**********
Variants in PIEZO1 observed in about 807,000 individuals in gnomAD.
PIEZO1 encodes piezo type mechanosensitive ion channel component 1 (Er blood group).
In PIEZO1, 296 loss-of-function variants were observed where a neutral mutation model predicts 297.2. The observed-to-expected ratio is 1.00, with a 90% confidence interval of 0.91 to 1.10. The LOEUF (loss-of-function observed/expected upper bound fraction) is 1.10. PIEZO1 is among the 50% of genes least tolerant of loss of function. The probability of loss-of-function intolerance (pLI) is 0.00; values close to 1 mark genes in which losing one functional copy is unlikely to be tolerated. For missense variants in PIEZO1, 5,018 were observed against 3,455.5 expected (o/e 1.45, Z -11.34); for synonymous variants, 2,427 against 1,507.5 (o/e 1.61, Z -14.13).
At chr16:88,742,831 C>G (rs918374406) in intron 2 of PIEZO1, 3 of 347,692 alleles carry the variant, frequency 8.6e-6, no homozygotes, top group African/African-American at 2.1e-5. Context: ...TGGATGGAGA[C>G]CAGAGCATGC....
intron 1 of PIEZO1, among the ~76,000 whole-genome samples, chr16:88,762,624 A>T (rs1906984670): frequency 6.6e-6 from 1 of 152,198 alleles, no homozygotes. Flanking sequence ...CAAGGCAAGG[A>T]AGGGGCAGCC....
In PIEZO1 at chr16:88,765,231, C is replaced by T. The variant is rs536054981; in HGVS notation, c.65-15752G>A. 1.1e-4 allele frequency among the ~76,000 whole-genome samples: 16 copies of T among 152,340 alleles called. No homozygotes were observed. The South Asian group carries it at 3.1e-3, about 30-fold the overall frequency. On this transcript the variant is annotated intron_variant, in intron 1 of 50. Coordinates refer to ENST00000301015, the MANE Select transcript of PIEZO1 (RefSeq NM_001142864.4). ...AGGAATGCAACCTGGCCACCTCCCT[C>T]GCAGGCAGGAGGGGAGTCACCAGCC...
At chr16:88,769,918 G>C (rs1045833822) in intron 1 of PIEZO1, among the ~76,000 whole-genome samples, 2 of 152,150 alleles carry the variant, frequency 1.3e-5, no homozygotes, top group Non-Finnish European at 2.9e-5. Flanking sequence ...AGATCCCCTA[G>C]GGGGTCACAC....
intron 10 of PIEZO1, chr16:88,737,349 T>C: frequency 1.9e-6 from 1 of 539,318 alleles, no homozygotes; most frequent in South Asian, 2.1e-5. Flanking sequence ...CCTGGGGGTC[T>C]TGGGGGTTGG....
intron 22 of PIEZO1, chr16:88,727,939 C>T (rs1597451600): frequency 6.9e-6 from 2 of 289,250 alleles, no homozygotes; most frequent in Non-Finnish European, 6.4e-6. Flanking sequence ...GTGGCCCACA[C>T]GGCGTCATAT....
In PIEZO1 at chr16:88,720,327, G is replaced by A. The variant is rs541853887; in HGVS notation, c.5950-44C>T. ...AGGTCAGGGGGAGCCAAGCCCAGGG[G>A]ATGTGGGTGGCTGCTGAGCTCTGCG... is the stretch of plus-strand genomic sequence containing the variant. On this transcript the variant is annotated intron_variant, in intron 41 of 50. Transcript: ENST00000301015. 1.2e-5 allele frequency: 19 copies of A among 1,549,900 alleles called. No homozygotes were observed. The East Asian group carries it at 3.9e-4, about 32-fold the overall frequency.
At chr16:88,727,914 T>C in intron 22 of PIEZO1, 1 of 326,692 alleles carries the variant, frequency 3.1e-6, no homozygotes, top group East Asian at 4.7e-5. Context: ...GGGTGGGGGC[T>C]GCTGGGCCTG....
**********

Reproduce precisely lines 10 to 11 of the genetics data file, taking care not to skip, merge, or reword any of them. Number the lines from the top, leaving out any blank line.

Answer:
In PIEZO1 at chr16:88,720,327, G is replaced by A. The variant is rs541853887; in HGVS notation, c.5950-44C>T. ...AGGTCAGGGGGAGCCAAGCCCAGGG[G>A]ATGTGGGTGGCTGCTGAGCTCTGCG... is the stretch of plus-strand genomic sequence containing the variant. On this transcript the variant is annotated intron_variant, in intron 41 of 50. Transcript: ENST00000301015. 1.2e-5 allele frequency: 19 copies of A among 1,549,900 alleles called. No homozygotes were observed. The East Asian group carries it at 3.9e-4, about 32-fold the overall frequency.
At chr16:88,727,914 T>C in intron 22 of PIEZO1, 1 of 326,692 alleles carries the variant, frequency 3.1e-6, no homozygotes, top group East Asian at 4.7e-5. Context: ...GGGTGGGGGC[T>C]GCTGGGCCTG....